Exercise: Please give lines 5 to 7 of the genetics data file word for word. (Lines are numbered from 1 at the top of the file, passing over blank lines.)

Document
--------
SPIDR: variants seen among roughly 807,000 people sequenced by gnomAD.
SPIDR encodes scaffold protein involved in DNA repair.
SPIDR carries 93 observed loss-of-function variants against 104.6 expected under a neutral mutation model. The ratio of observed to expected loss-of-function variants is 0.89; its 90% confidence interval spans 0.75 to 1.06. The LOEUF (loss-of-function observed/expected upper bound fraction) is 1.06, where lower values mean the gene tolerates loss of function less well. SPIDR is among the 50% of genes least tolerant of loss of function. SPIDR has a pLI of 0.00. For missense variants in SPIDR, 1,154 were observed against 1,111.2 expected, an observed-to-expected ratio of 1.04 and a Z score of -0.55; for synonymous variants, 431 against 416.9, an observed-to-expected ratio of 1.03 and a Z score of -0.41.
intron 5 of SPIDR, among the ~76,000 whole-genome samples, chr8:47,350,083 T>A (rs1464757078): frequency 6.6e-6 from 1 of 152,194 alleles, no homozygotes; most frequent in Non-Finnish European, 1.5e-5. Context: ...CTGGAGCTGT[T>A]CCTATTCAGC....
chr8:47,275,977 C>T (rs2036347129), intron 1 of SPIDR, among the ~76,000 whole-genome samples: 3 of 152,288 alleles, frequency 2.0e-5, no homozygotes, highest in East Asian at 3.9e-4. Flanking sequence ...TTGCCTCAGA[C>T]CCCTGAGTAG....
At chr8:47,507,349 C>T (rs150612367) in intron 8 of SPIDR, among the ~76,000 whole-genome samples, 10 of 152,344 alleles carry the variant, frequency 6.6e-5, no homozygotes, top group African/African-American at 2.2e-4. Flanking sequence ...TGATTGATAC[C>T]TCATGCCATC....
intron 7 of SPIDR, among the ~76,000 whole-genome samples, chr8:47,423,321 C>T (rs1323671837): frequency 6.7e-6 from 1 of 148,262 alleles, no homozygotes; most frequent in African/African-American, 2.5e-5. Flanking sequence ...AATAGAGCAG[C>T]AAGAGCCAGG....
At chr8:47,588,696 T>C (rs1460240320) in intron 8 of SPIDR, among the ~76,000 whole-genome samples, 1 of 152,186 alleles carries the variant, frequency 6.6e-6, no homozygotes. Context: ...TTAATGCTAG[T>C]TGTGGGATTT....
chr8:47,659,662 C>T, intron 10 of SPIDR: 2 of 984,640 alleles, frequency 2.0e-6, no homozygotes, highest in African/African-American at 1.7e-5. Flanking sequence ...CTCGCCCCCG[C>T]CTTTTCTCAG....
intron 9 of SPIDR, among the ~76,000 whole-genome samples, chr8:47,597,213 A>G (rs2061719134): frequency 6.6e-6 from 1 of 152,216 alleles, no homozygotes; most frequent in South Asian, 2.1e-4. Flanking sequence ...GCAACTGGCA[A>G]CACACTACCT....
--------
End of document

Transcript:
chr8:47,275,977 C>T (rs2036347129), intron 1 of SPIDR, among the ~76,000 whole-genome samples: 3 of 152,288 alleles, frequency 2.0e-5, no homozygotes, highest in East Asian at 3.9e-4. Flanking sequence ...TTGCCTCAGA[C>T]CCCTGAGTAG....
At chr8:47,507,349 C>T (rs150612367) in intron 8 of SPIDR, among the ~76,000 whole-genome samples, 10 of 152,344 alleles carry the variant, frequency 6.6e-5, no homozygotes, top group African/African-American at 2.2e-4. Flanking sequence ...TGATTGATAC[C>T]TCATGCCATC....
intron 7 of SPIDR, among the ~76,000 whole-genome samples, chr8:47,423,321 C>T (rs1323671837): frequency 6.7e-6 from 1 of 148,262 alleles, no homozygotes; most frequent in African/African-American, 2.5e-5. Flanking sequence ...AATAGAGCAG[C>T]AAGAGCCAGG....